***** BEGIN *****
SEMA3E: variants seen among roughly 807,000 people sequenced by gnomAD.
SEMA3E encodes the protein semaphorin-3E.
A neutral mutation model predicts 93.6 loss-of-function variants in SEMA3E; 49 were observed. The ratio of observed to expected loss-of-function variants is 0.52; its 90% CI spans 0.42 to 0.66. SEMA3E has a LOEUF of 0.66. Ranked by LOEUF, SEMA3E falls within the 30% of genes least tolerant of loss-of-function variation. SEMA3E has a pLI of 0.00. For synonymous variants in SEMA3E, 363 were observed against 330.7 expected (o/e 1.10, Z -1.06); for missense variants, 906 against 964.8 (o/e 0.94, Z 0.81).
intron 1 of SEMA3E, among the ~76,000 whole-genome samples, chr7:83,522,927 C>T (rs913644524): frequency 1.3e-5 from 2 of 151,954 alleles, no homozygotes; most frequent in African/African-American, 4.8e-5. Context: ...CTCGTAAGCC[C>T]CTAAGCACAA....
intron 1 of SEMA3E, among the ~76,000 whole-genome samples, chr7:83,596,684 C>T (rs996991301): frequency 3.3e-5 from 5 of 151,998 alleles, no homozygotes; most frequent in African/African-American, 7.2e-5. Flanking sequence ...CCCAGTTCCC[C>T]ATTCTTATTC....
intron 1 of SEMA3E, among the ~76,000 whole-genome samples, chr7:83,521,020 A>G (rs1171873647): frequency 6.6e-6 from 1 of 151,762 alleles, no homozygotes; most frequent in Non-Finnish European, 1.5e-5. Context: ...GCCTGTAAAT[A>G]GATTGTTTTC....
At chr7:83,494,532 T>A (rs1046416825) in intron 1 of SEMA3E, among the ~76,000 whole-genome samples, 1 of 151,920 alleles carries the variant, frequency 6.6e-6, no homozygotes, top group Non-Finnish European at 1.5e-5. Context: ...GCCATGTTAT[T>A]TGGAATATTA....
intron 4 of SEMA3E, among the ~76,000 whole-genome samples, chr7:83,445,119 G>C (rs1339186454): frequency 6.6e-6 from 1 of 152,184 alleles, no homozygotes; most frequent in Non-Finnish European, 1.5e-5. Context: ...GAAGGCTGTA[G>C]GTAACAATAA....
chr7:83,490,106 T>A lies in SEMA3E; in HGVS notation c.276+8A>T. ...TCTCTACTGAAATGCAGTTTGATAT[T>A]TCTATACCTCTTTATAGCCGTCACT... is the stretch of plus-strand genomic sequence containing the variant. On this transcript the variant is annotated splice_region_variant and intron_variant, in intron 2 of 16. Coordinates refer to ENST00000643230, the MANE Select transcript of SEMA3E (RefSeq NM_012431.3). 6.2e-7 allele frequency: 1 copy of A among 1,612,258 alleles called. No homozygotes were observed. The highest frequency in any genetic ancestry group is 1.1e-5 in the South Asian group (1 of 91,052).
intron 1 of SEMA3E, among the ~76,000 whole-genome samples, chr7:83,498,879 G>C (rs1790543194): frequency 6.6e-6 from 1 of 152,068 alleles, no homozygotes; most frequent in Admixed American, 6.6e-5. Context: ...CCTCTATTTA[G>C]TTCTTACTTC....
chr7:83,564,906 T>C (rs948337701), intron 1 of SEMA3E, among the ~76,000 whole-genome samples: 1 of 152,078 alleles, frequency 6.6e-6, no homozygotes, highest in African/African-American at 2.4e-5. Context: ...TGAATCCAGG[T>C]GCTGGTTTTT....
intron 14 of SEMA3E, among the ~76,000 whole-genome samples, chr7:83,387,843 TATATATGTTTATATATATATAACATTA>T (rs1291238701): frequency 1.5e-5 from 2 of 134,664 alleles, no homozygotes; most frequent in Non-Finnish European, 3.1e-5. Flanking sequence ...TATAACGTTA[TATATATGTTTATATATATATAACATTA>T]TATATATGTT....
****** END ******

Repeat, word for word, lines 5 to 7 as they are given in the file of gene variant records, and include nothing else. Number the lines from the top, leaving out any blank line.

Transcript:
intron 1 of SEMA3E, among the ~76,000 whole-genome samples, chr7:83,596,684 C>T (rs996991301): frequency 3.3e-5 from 5 of 151,998 alleles, no homozygotes; most frequent in African/African-American, 7.2e-5. Flanking sequence ...CCCAGTTCCC[C>T]ATTCTTATTC....
intron 1 of SEMA3E, among the ~76,000 whole-genome samples, chr7:83,521,020 A>G (rs1171873647): frequency 6.6e-6 from 1 of 151,762 alleles, no homozygotes; most frequent in Non-Finnish European, 1.5e-5. Context: ...GCCTGTAAAT[A>G]GATTGTTTTC....
At chr7:83,494,532 T>A (rs1046416825) in intron 1 of SEMA3E, among the ~76,000 whole-genome samples, 1 of 151,920 alleles carries the variant, frequency 6.6e-6, no homozygotes, top group Non-Finnish European at 1.5e-5. Context: ...GCCATGTTAT[T>A]TGGAATATTA....